“NOF” Not Our Fault = Is An Opportunity

Imagine sitting in your quarterly meeting. They’re discussing your department’s performance metrics.  For five minutes, you worry, “this isn’t going in my favor!” Your mind is racing, breathing growing more rapid. Feet begin tapping, uncontrollably. Your hand is tentatively rising, reaching the side of your head. You desperately want to cut in. You badly want to plead your case, but you’re trying to resist. Suddenly, it spills out, “not our fault!”

Defending oneself from uncontrollable circumstances is a natural instinct, but we must be careful of how our response is perceived. Have you ever told a customer something is “not our fault”? Not only will this phrase escalate the conflict, but you could miss out on valuable opportunities to improve your business and strengthen the relationship.

We want to be a strong advocate, defending against uncontrollable exceptions, and it never crossed our minds that this response could be perceived as a rude interruption.  What if I told you, we just ignored a customer explaining a possible bad experience?  Have you ever worded, “not our fault” to explain a bad experience to a customer? 

“Not our fault” bluntly tells your customers, bosses, and co-workers that there is, “no opportunity found in this relationship.” Passing blame, regurgitating policy, and shirking responsibility demonstrates a lack of care for your customers. Worse yet, you’re foregoing the opportunity to learn from these bad experiences. If you give up on finding the root causes of friction and confusion, bad experiences will happen again, and again, and again. Customers want and deserve to be heard. No one likes to feel ignored, and you don’t want customers to think you’re lazy. Best-selling author Jeffrey Gitomer states, “The customer’s story is crafted by your words and deeds.” Is this the story you want customers to tell about you? 

Imagine that a customer contacts you because they haven’t received their shipment. You take immense pride in your reliability, and based on your experience it’s safe to say that the delay was outside of your control. The cargo could have been sent out later than promised, or it got stuck at an international border. It’s normal to think, “it’s not our fault the shipment is late!” The real question is, if it’s not our fault, how did we communicate that to the customer? What is the root cause of the delay, and did we keep the customer informed? Keeping customers apprised keeps them from being unpleasantly surprised. More importantly, finding the root cause of the problem allows you to prevent it from happening in the future. To find the root cause, you can borrow a concept from the Toyota Production System called the 5 Why’s. Starting with the problem, ask “why did this happen?” Repeat this step five times to determine the underlying cause.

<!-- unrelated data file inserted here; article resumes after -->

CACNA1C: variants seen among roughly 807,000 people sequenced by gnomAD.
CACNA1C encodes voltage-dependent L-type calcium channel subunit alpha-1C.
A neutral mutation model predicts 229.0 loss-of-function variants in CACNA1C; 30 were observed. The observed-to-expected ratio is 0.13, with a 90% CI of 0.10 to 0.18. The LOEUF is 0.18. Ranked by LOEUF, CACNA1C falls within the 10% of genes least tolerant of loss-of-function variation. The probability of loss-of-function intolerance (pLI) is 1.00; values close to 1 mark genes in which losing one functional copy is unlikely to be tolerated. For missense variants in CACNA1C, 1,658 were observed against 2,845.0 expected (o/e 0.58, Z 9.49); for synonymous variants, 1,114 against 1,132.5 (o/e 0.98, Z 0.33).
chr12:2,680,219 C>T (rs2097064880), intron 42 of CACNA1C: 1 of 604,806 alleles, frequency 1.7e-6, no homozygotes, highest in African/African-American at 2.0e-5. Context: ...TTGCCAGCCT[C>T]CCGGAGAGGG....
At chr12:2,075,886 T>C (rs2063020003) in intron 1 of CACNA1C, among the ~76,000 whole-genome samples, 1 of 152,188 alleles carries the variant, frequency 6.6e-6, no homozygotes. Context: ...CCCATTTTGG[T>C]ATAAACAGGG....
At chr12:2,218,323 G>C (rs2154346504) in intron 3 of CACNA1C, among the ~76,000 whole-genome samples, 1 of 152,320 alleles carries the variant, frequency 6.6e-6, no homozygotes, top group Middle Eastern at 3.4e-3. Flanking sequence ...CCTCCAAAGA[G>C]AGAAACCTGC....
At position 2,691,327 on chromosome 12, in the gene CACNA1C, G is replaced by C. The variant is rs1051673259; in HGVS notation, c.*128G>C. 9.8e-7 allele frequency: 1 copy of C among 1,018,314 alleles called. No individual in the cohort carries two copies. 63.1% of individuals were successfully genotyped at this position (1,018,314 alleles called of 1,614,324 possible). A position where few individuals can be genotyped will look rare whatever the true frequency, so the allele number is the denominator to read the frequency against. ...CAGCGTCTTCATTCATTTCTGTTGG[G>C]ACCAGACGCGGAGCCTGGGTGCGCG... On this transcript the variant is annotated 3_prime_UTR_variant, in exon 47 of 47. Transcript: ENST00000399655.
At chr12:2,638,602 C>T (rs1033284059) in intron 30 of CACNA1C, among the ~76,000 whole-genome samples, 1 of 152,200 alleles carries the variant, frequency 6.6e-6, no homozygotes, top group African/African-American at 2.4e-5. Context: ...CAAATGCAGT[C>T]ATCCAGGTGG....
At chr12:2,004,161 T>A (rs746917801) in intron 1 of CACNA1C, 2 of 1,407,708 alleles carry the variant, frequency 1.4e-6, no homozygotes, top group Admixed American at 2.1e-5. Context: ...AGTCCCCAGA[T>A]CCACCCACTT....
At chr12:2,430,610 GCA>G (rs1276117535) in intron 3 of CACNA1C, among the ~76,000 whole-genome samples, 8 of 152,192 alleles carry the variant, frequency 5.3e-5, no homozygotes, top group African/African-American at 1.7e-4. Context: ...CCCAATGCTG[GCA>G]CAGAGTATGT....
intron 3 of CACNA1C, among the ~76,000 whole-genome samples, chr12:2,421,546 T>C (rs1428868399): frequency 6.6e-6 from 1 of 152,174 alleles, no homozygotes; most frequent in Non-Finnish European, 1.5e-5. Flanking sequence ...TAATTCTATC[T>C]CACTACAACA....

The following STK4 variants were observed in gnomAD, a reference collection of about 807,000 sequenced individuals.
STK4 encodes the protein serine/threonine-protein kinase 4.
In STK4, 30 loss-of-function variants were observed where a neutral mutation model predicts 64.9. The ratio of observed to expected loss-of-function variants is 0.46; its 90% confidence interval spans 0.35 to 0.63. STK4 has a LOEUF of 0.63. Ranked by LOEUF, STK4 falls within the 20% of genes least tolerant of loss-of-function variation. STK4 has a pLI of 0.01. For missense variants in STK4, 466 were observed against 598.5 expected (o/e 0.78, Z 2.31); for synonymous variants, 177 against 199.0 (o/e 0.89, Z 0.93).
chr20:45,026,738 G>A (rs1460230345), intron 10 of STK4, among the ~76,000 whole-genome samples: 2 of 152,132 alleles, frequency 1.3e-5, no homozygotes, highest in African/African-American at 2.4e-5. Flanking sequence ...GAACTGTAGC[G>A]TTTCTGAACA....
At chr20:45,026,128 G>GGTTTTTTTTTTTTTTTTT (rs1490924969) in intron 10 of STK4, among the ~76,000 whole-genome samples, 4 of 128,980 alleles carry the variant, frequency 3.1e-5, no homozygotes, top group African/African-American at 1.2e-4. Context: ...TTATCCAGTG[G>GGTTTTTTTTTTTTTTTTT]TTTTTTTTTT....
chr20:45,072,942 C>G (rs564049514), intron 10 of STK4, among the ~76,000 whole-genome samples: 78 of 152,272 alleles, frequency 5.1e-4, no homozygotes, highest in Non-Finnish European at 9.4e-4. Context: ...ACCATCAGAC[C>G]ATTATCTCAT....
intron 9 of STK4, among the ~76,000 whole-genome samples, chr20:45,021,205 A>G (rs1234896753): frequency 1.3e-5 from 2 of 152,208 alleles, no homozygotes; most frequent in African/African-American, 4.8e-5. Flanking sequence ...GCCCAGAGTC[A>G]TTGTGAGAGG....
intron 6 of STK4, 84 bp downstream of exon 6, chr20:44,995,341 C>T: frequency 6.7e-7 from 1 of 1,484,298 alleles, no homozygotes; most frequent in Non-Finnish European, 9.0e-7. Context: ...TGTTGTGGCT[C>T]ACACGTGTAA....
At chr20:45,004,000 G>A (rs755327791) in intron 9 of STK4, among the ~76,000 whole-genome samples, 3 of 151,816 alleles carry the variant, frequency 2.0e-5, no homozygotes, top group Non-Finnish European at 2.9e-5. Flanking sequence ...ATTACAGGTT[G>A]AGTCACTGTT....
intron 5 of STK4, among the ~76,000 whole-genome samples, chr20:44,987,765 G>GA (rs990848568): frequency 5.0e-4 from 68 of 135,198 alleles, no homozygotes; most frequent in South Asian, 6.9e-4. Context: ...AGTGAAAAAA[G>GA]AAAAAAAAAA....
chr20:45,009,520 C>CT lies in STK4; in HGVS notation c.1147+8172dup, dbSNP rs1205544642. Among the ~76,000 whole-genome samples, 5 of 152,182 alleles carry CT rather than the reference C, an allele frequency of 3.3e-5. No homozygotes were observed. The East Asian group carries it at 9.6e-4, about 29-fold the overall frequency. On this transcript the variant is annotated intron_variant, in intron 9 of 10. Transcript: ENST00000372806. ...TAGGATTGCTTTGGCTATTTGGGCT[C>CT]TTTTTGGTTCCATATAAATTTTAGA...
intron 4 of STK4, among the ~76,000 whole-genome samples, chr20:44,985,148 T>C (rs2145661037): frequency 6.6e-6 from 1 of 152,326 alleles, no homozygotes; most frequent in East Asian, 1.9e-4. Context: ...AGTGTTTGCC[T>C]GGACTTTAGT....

To help you avoid getting caught in a strong undercurrent with no lifeguards in sight, think of “NOF” as this:

  • Normalize – Resist emotional hijacking, which can disrupt your ability to think and communicate clearly. Slow down, take some deep breaths, and try to control your emotions. Remember, the goal is to solve the problem and retain the customer. Take ownership, and reassure them that while it may not be your fault, you’re in this together now. The customer may still need to vent some rage, but bear in mind that they’re just upset with the situation, not you. You’re in the same boat!
  • Observe – Listen to the customer carefully, and don’t interrupt. Humanize the conversation.  Take care of the customer’s emotional needs first. Then, use your observation to truly understand why the friction or confusion took place.
  • Find it – Find the solution and communicate it.  Take ownership! Don’t just say, “not our fault.”  Determine the root cause of the bad experience, and don’t be shy in sharing what you’ve learned with co-workers, supervisors, and managers. The only bad ideas are those that go unshared. 

There are multiple ways to look at NOF. If we take a minute before saying, “not our fault” or “no opportunity found” we’ll find ourselves more experienced in decision making and handling complex situations. Most of all, we’ll be providing an exceptional experience!

Jay Ellis is the Director of EFW Experience at Estes Forwarding Worldwide, LLC. Jay is pioneering EFW’s industry-first Voice of the Customer program. Connect with Jay on LinkedIn and Twitter.

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